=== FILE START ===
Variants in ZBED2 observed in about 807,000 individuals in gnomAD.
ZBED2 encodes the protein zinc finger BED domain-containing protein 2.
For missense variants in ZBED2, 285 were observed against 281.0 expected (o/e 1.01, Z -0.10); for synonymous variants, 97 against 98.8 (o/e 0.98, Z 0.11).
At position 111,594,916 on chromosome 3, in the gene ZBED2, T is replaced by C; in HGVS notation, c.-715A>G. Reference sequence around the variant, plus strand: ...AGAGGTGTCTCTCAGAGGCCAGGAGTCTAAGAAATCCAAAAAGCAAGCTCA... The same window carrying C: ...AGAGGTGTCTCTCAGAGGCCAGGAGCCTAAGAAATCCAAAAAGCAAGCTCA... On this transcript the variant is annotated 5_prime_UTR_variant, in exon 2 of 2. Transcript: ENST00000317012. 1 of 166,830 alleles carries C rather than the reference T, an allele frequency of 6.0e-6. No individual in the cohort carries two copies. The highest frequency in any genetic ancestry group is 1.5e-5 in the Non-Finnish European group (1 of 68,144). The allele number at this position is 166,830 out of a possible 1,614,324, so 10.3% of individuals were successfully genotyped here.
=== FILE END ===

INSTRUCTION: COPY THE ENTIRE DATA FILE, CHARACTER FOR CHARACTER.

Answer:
Variants in ZBED2 observed in about 807,000 individuals in gnomAD.
ZBED2 encodes the protein zinc finger BED domain-containing protein 2.
For missense variants in ZBED2, 285 were observed against 281.0 expected (o/e 1.01, Z -0.10); for synonymous variants, 97 against 98.8 (o/e 0.98, Z 0.11).
At position 111,594,916 on chromosome 3, in the gene ZBED2, T is replaced by C; in HGVS notation, c.-715A>G. Reference sequence around the variant, plus strand: ...AGAGGTGTCTCTCAGAGGCCAGGAGTCTAAGAAATCCAAAAAGCAAGCTCA... The same window carrying C: ...AGAGGTGTCTCTCAGAGGCCAGGAGCCTAAGAAATCCAAAAAGCAAGCTCA... On this transcript the variant is annotated 5_prime_UTR_variant, in exon 2 of 2. Transcript: ENST00000317012. 1 of 166,830 alleles carries C rather than the reference T, an allele frequency of 6.0e-6. No individual in the cohort carries two copies. The highest frequency in any genetic ancestry group is 1.5e-5 in the Non-Finnish European group (1 of 68,144). The allele number at this position is 166,830 out of a possible 1,614,324, so 10.3% of individuals were successfully genotyped here.